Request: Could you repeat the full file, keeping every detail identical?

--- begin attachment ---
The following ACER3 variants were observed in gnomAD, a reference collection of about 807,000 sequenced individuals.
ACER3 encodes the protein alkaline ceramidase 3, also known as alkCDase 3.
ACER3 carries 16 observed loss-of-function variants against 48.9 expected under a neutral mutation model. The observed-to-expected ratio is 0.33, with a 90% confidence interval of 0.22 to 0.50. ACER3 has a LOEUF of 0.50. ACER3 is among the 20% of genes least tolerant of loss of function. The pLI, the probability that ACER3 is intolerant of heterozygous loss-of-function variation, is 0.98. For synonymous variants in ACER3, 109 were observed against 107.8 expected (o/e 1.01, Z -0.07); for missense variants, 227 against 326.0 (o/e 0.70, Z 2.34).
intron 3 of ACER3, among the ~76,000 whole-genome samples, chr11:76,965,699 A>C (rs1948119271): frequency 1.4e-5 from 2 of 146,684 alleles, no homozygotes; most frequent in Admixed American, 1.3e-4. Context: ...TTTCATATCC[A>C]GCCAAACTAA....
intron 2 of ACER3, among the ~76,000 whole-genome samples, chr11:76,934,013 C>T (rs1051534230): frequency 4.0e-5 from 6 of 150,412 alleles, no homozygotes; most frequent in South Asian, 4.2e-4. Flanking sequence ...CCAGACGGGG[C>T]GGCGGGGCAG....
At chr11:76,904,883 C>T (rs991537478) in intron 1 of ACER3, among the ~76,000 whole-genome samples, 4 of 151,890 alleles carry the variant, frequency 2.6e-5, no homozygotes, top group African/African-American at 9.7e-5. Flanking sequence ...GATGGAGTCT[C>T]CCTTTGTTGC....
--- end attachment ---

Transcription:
The following ACER3 variants were observed in gnomAD, a reference collection of about 807,000 sequenced individuals.
ACER3 encodes the protein alkaline ceramidase 3, also known as alkCDase 3.
ACER3 carries 16 observed loss-of-function variants against 48.9 expected under a neutral mutation model. The observed-to-expected ratio is 0.33, with a 90% confidence interval of 0.22 to 0.50. ACER3 has a LOEUF of 0.50. ACER3 is among the 20% of genes least tolerant of loss of function. The pLI, the probability that ACER3 is intolerant of heterozygous loss-of-function variation, is 0.98. For synonymous variants in ACER3, 109 were observed against 107.8 expected (o/e 1.01, Z -0.07); for missense variants, 227 against 326.0 (o/e 0.70, Z 2.34).
intron 3 of ACER3, among the ~76,000 whole-genome samples, chr11:76,965,699 A>C (rs1948119271): frequency 1.4e-5 from 2 of 146,684 alleles, no homozygotes; most frequent in Admixed American, 1.3e-4. Context: ...TTTCATATCC[A>C]GCCAAACTAA....
intron 2 of ACER3, among the ~76,000 whole-genome samples, chr11:76,934,013 C>T (rs1051534230): frequency 4.0e-5 from 6 of 150,412 alleles, no homozygotes; most frequent in South Asian, 4.2e-4. Flanking sequence ...CCAGACGGGG[C>T]GGCGGGGCAG....
At chr11:76,904,883 C>T (rs991537478) in intron 1 of ACER3, among the ~76,000 whole-genome samples, 4 of 151,890 alleles carry the variant, frequency 2.6e-5, no homozygotes, top group African/African-American at 9.7e-5. Flanking sequence ...GATGGAGTCT[C>T]CCTTTGTTGC....